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Habakkuk’s Hope provides comfort for infertile women

LOUISVILLE, Ky. (BP)–The prophet Habakkuk foretold the invasion and desolation of his country Judah, but still rejoiced in God’s sovereign purposes.

In the same way, a ministry at Southern Baptist Theological Seminary seeks to help infertile women find comfort in God and his purposes despite their circumstances.

Appropriately named for the prophet of hope, “Habakkuk’s Hope” began in March 2001. The ministry meets once every month and seeks to comfort, encourage and provide information for women who are experiencing infertility.

Patti Withers, who works in the office of Southern Seminary President R. Albert Mohler Jr., began to see the need for the ministry within her own circumstances. Withers and husband Michael — a master of divinity student — sought to start a family in May 1999.

However, doctors soon discovered that Patti was suffering from breast cancer. Upon completing cancer treatments, doctors told Patti, at the time 36, she would have to wait two years before attempting to have children.

“Suddenly, I went from fertility to cancer treatments,” she said. “Given my age and medical condition, the prospect of waiting two more years was devastating. There are a lot of pregnant ladies and babies at Southern Seminary.

“Daily surrounded by reminders of the very thing I wanted and didn’t have — may never have — my thoughts turned to the third chapter of Habakkuk. I didn’t have a baby, but in spite of that I could, like Habakkuk, rejoice in the Lord. Soon, I began to see a need for a ministry that might help others at the seminary who were struggling with infertility.”

Withers says attendance remains small nearly two years after the founding of Habakkuk’s Hope, but she’d like to see more women come and receive encouragement.

“Unfortunately, there is often shame associated with infertility,” she said. “It is an extremely private issue and it is often hard for women to talk about it.”

William Cutrer, a licensed obstetrician/gynecologist and associate professor of Christian ministry at Southern Seminary, serves as faculty sponsor for Habakkuk’s Hope.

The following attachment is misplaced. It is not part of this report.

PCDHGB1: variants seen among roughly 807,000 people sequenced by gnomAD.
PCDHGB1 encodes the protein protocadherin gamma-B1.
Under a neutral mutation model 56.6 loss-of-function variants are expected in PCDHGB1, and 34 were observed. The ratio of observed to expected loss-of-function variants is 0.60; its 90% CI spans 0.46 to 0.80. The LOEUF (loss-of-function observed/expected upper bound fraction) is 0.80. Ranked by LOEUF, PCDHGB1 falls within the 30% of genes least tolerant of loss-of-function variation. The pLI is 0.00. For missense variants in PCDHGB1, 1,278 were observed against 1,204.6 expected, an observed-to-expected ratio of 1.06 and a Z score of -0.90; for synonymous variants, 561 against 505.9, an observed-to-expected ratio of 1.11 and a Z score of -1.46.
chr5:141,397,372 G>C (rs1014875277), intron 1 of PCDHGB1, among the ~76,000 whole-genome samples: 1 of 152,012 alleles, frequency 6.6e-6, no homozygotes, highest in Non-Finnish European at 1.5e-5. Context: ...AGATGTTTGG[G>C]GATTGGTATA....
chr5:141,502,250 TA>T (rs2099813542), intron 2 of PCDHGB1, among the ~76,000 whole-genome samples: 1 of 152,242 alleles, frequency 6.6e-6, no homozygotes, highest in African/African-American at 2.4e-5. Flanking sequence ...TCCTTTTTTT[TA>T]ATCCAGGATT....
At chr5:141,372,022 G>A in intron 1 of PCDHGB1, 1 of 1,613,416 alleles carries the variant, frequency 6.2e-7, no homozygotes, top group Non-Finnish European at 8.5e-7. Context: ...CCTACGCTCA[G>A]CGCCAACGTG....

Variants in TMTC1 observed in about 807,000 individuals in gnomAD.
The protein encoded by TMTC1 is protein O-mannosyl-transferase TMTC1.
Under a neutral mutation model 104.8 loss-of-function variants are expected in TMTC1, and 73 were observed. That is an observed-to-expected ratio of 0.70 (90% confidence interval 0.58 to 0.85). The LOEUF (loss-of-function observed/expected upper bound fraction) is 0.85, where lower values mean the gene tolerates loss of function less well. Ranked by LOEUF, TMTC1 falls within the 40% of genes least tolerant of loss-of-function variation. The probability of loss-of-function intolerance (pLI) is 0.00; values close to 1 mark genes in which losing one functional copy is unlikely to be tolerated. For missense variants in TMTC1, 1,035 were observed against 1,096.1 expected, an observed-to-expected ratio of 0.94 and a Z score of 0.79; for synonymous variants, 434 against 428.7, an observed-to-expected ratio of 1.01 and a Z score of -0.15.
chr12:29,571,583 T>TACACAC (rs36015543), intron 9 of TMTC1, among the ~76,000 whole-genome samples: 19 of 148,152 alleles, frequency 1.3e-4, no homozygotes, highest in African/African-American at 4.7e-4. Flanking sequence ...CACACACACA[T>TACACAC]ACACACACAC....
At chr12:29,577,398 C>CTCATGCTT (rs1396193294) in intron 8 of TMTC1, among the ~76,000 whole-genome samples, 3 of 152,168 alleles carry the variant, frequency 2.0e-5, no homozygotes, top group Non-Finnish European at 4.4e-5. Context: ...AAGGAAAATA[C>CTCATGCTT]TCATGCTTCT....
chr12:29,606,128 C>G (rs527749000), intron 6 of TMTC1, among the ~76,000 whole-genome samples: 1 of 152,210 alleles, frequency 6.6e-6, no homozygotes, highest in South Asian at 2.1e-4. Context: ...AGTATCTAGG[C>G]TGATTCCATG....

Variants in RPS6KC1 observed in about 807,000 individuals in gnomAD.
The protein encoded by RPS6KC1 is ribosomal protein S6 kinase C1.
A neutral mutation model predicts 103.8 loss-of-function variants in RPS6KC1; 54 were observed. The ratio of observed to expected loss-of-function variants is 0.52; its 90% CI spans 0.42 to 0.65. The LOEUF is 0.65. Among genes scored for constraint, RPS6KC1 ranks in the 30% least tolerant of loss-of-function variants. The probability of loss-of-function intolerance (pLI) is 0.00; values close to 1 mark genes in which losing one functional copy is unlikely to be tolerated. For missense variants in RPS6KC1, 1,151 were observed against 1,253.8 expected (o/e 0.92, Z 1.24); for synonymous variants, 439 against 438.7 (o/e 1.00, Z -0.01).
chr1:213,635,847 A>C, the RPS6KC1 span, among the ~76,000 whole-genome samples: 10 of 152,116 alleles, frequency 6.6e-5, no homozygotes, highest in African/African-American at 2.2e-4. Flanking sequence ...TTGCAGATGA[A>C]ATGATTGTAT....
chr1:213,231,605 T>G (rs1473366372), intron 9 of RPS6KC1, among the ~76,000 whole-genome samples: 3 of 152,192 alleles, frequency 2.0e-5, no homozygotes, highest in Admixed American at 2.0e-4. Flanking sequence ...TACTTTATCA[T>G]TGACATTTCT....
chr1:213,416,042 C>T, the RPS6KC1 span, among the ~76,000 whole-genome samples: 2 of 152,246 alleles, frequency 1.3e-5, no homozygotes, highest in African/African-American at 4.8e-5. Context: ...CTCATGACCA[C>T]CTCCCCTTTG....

The co-author of “When Empty Arms Become a Heavy Burden,” Cutrer says infertility is more common than the average person might think, with approximately one in six couples suffering from it.

“My experience as an infertility doctor and a pastor has brought me into the lives of many dear people suffering profoundly from infertility,” Cutrer said. “The medical evaluation is invasive, very expensive, and church people, unfamiliar with the subject, tend to say the most insensitive things.

“The support Habakkuk’s Hope offers — a place for women to process verbally their experiences and emotions — can be very healing for them and strengthening for their marriages.”

One area in which the average person can minister to an infertile woman is by carefully guarding their words, Withers said. Many persons, most of whom mean well, say insensitive things to those suffering from infertility.

Common careless phrases include, “You just need to relax,” “You just need to have more faith” or “You can always adopt,” followed by a personal anecdote about a friend who adopted children.

There are more encouraging things to be said, Withers said.

“The best thing you can say is how sorry you are that they are going through infertility,” she said. “‘Rejoice with those who rejoice; mourn with those who mourn.’ Remember, Job’s friends were at their best when they simply sat with him and said nothing.”
(BP) photo posted in the BP Photo Library at http://www.bpnews.net. Photo title: PATTI WITHERS.

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  • Jeff Robinson

    Jeff Robinson is director of news and information at The Southern Baptist Theological Seminary.

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